The phalanx steadily amasses! For the next helmet, I wanted to include something to represent the horsehair crests many Greek helms brandished. The crest on the previous maquette was made of clay, which wouldn’t come close to showing how light and shadow would play through the massed fibres. Finding a suitable analogue for horsehair would prove tricky, short of scalping a scrubbing brush.
Which I tried.
With a pair of pliers I trimmed hundreds of plastic bristles from said scrubbing brush, the type used on bathroom tiles, but in the end they were far too rigid to be hair. They wouldn’t have the innate plumage I was after, leaving me with a pile of plastic strands and a brush handle busy searching for a toupee.
So on to Plan B, the butchery of an innocent paintbrush. I hollowed out the crest box (the ridge running forwards-backwards across the cranium of the helmet) then using craft glue affixed the bristles in bunches, blending the bunches together as much as possible. Prior to fixing the crest the helmet was painted, first with a light wash of black acrylic, which soaked into all the cracks and pits (pause to chuckle at the choice of wording), then built up the metallic effect with dry matte greys followed with a highlight of gold/silver.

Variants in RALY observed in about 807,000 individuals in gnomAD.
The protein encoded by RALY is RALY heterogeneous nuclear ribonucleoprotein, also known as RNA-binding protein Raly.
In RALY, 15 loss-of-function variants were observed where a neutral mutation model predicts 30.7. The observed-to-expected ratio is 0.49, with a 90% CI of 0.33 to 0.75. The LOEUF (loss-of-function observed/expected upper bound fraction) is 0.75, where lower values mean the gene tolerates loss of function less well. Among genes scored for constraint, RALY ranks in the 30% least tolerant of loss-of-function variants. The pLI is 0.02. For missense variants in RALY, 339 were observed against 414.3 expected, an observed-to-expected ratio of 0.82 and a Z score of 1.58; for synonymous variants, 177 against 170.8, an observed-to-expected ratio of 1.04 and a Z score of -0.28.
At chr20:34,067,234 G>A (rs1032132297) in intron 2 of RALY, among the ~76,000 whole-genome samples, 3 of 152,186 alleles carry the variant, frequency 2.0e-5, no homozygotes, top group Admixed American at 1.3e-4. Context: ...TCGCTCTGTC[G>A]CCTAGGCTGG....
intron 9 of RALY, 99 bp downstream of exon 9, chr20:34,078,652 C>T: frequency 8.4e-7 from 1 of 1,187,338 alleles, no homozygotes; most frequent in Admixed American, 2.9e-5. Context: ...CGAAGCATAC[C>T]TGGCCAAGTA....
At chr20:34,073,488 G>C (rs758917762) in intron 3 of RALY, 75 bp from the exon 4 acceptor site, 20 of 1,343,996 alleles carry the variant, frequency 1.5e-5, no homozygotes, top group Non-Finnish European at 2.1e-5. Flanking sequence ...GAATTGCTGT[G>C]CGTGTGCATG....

The purpose of these maquettes is to show how light and shadow play over the form, as reference for future paintings and sketches. Sculpting something like this with the hands also helps give a greater sense of the form.